MONTPELIER — Plans to expand Hubbard Park could now be just one more grant away from reality, though just how much bigger Montpelier’s signature recreational resource gets is still an open question.

The city has targeted two properties that, if acquired, would increase the size of the 175-acre park that sits on the hillside behind the State House by nearly 50%.

The effort, which has been the subject of months-long conversations — some public, some private — recently got a huge boost when it was awarded a $258,000 grant from the U.S. Forest Service. Plans call for the money, awarded through the community forest program, to be used as a 50% match toward acquiring up to 78 privately owned acres north and west of the sprawling park that has been on the Capital City’s map since 1899.

The city has already raised $35,000 in private pledges toward the park expansion project and last month the City Council approved a $20,000 appropriation from a Conservation Fund that hadn’t been tapped since it was created nearly two decades ago.

Parks Director Alec Ellsworth said Tuesday that money can be used to match just-awarded federal forest funds and the city has a pending application before the Vermont Housing and Conservation Board (VHCB) that, if approved, would make up most of the difference.

Ellsworth said the city has applied for $150,000 in funding from VHCB. That board will meet June 23 and while a decision isn’t expected at that time, the city will likely be represented.

The council-approved appropriation from the city’s Conservation Fund can also be used to cover expenses, including appraisal work, that will be needed if the project moves forward.

Though no formal agreement is in place with the Heney family, which owns the larger of the two parcels in question, Ellsworth said the city has an option to purchase 28 acres owned by April Johnson.

Johnson’s property abuts the Heney’s parcel and both border the park as it is currently configured.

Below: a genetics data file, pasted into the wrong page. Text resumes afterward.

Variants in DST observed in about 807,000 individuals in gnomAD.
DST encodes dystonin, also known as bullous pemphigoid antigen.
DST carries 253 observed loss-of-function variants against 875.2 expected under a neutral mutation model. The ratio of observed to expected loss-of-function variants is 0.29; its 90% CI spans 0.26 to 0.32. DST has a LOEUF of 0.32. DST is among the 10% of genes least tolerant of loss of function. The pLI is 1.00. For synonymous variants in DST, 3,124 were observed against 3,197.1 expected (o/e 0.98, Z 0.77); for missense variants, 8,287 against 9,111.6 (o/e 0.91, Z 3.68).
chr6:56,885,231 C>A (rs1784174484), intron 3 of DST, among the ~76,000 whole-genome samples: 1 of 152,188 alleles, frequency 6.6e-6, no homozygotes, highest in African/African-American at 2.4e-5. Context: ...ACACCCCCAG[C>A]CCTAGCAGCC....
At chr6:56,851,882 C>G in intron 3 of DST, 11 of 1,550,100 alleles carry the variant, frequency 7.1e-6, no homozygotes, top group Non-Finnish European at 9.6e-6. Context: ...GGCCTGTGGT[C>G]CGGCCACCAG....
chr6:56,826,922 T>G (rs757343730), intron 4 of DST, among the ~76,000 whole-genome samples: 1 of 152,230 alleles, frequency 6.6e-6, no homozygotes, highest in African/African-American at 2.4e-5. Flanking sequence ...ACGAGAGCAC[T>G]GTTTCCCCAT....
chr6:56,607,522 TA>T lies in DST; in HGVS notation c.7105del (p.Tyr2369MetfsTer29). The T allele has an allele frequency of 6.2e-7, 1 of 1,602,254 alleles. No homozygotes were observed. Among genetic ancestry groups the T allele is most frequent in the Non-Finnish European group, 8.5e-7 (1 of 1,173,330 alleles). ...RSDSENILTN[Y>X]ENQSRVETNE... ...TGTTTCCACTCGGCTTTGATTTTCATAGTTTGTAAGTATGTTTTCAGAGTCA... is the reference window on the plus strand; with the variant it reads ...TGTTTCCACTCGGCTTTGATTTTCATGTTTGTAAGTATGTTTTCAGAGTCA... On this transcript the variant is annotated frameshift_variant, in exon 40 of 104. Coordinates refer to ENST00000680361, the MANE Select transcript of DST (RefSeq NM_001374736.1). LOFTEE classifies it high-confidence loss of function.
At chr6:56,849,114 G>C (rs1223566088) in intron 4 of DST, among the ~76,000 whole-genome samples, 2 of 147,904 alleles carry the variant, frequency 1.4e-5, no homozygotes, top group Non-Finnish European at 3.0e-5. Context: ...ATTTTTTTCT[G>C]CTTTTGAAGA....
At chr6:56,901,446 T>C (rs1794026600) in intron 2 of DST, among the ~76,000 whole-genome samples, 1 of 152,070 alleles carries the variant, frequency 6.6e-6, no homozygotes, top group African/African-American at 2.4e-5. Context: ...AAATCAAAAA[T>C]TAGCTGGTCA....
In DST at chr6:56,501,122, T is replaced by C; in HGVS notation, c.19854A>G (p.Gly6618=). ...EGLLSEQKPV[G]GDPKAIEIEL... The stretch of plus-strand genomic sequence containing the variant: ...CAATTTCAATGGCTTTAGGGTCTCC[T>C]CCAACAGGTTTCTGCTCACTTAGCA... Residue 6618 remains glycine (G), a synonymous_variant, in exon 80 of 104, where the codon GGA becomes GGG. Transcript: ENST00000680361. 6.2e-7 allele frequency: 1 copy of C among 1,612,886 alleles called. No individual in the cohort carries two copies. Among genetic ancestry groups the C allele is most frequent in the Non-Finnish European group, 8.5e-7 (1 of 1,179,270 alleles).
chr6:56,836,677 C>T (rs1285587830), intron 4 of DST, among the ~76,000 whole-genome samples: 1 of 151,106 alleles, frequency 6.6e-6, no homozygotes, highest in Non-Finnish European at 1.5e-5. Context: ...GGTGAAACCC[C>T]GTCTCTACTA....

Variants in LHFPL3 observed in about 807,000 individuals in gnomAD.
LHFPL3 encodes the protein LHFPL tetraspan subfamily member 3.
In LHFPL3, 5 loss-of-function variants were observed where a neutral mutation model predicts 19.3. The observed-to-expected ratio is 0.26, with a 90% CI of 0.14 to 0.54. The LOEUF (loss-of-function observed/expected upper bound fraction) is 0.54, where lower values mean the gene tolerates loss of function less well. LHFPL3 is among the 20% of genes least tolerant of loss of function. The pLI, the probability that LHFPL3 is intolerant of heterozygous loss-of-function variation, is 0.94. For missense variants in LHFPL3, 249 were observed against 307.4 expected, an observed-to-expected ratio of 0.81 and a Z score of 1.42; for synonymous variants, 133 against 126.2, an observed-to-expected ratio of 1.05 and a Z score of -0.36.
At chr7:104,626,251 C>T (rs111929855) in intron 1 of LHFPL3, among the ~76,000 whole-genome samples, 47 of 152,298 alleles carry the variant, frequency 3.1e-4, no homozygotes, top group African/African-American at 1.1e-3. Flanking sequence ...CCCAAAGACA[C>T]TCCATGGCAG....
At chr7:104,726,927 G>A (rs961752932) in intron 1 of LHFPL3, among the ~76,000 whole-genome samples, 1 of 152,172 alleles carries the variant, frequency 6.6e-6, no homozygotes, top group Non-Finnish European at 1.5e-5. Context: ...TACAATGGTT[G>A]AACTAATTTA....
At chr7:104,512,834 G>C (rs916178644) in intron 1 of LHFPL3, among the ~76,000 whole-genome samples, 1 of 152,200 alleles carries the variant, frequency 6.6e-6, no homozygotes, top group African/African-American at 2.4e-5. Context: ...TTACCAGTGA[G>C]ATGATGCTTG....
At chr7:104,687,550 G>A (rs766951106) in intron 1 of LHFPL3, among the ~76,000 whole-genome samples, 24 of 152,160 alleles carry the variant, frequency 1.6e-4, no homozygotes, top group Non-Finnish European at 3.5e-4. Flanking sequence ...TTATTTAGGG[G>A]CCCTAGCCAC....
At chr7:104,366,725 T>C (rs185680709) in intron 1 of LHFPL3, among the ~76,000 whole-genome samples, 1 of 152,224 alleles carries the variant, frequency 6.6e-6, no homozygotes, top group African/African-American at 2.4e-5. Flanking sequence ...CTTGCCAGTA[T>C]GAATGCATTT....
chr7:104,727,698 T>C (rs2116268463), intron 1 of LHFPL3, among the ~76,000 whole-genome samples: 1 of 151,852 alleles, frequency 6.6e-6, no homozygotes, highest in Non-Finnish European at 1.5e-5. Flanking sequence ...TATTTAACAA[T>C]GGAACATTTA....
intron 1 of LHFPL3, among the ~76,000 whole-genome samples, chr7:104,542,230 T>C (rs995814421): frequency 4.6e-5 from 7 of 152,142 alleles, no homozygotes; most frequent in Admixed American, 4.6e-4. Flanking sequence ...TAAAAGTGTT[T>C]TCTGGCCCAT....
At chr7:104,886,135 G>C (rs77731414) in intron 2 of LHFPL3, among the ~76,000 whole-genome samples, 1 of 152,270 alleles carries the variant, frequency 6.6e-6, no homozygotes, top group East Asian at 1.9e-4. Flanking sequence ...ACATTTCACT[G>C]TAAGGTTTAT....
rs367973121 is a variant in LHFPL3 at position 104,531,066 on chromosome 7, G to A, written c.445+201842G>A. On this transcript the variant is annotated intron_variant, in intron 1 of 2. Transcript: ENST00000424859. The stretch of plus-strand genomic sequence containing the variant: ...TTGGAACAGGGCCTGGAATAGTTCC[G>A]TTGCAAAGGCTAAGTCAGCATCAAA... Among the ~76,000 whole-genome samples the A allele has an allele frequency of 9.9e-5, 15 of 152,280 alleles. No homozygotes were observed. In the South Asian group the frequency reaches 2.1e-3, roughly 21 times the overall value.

The Heney property was placed on the market in January, prompting Ellsworth to meet privately with the council in February. At the time, Ellsworth was working on the U.S. Forest Service grant application and sought to obtain permission to attempt to secure an option to buy the Heney property.

That hasn’t happened.

However, Ellsworth said there have been productive discussions with the Heneys, the property is no longer on the market, and the family is exploring possibly subdividing the parcel and retaining and building on the bottom portion.

Ellsworth said the potential still exists for the city to acquire some, most or even all of the property depending on what the Heney family decides.

The $35,000 in private pledges was raised reasonably quickly and quietly and Ellsworth expects to make a broader appeal for community support when the funding picture comes into sharper focus and there is more clarity with respect to the Heney property.

Even if all goes smoothly, it will likely take the better part of a year to close on the properties — one of which is still something of a moving target.

Ellsworth said the Hubbard Park project is unrelated to a grant the city received from the Trust for Public Lands to explore park access and equity and how to make outdoor recreation a tool for economic development. That work, he said, will lead to a June-ending online survey polling residents about everything from how they use the city’s existing park networks, to what improvements they’d like to see made in coming years.

A postcard with the link to the online survey will be mailed to residents later this month.


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